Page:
Most of the patients with hydrocephalus need to retain their shunt for the whole life. The major advantage of this therapy is the restoration of a normal daily life. The VP shunt will regulate the flow of the CSF. You and your family might be required to take part in the surveillance after a VP shunt procedure. Your doctor will recommend post-operative precautions and regular medical check-ups to detect any possible complications.
You can practice sports after this procedure like any normal person. However, you should avoid violent activities that can expose the device to shocks and damage the valve mechanism or pressure settings.
Getting pregnant is not contraindicated in case you have a VP shunt. However, before you plan your pregnancy, it is important to discuss it with your neurosurgeon.
Yes, you can travel normally with a VP shunt. The magnetic fields generated by airport security doors should not affect the pressure setting of your valve. However, do carry your Patient Identification Card with you at all the times. This is a card provided to you by your neurosurgeon after shunt surgery.
It is recommended that patients must not drive after six months of the VP shunt procedure. Even after 6 months, most of the patients come to know when they have high-pressure headaches. In such cases, driving should be avoided until shunt malfunctioning is ruled out or the symptoms resolve.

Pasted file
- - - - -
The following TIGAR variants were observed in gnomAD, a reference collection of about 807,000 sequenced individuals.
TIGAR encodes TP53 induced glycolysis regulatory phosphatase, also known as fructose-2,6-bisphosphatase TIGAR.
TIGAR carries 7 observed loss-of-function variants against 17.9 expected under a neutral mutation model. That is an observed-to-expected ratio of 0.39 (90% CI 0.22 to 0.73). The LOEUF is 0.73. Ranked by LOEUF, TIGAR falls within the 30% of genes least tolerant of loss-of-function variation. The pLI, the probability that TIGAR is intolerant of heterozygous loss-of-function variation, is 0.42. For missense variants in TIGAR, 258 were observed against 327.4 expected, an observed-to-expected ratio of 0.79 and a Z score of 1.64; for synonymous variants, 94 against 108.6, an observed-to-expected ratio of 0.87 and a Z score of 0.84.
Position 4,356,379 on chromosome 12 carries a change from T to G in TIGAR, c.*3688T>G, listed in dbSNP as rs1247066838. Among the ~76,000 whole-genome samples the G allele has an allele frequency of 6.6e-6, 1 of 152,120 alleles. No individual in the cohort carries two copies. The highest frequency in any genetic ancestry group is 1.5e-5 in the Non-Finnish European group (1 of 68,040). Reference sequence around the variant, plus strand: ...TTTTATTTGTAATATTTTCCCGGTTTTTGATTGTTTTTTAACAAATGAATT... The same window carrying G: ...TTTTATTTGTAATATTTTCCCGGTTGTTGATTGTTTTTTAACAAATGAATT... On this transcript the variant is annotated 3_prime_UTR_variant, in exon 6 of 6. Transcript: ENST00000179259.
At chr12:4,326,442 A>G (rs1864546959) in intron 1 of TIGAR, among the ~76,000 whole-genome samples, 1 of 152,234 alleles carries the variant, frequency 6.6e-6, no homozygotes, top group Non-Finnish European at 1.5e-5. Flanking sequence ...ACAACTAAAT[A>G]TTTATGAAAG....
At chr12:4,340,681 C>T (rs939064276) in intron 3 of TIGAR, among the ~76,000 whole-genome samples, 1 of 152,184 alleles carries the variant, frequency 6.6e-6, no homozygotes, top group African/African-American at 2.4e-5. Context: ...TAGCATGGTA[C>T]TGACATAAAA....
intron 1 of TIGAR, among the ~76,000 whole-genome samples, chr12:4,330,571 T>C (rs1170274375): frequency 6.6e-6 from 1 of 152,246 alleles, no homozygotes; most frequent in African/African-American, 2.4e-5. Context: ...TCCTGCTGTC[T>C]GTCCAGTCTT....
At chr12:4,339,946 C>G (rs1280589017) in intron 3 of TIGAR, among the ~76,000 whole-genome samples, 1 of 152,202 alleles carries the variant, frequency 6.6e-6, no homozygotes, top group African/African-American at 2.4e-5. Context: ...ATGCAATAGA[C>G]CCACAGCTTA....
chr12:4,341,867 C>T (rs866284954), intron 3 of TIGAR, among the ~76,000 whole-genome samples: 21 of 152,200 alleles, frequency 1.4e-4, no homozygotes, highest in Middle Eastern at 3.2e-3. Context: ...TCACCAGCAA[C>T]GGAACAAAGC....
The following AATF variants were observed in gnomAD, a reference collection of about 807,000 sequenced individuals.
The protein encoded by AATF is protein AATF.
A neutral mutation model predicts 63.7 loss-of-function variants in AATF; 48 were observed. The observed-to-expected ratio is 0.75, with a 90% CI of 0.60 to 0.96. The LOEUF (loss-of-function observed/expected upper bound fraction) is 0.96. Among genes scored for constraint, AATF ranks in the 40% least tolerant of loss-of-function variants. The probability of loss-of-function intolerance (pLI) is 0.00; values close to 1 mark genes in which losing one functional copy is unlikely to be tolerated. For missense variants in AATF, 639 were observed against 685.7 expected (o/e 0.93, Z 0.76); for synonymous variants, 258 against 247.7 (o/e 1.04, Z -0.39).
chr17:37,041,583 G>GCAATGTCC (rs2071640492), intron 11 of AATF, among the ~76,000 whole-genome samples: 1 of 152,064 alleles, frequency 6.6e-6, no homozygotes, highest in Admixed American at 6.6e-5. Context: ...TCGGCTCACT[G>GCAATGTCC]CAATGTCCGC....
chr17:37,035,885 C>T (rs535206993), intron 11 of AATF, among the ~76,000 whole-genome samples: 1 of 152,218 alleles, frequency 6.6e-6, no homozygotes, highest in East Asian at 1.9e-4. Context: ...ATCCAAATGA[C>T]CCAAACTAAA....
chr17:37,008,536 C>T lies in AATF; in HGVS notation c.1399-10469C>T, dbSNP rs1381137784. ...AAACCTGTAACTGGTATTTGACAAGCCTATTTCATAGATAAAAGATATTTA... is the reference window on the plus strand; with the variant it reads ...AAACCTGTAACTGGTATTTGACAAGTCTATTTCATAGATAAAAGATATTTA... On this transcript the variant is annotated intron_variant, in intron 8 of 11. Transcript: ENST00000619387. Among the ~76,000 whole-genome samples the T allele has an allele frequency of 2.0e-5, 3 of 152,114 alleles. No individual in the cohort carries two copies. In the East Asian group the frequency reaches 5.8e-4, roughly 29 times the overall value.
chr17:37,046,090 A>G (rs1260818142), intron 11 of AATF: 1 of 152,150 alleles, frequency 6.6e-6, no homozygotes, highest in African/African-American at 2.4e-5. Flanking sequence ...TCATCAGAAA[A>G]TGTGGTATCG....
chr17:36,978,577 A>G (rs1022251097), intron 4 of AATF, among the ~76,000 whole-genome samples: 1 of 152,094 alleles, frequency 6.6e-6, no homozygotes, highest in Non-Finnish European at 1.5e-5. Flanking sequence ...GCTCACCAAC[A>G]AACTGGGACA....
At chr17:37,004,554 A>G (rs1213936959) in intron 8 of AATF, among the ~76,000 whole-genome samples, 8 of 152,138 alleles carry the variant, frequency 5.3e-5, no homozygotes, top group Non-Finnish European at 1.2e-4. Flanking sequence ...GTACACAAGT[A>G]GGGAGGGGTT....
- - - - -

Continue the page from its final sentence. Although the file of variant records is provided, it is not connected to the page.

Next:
Adjustable valves are insensitive to the influence of most of the everyday magnetic fields such as airport security doors, microwave ovens, mobile phones, and high tension wires and TV. They do not affect the pressure settings of your valves. However, the permanent magnets in smartphones, toys audio headphones and loudspeakers, and electromagnetic fields created by the electric motor from shaver, hair dryer, and clipper can modify the pressure settings in the adjustable valves. Hence, to avoid any risk of pressure changes, these devices must not be brought too close to the valve site.
Yes, you need to keep the Patient Identification Card (PIC) with you all the times. This card is given to you by your neurosurgeon and provides information regarding the implanted device (reference, setting, etc.), which is important for your medical follow-up.
You should consult your doctor in case you experience a headache, vomiting, visual or hearing problems, sleepiness, walking difficulties, unexplained fever, redness, edema, any skin abnormality, or any other issue.
A patient who has been fitted with a fixed pressure valve may undergo an MRI exam without any danger or special supervision. However, a patient with an adjustable pressure valve might need special supervision during an MRI exam. The pressure settings of the valves must be checked regularly before and after exposure to the MRI.
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Guneet Bhatia is an avid reader, healthcare writer, and is currently Director of Patient Care Department, MediGence. She has also been featured on many prominent Healthcare portals such as IBTimes, HCIT Expert, Clinician Today.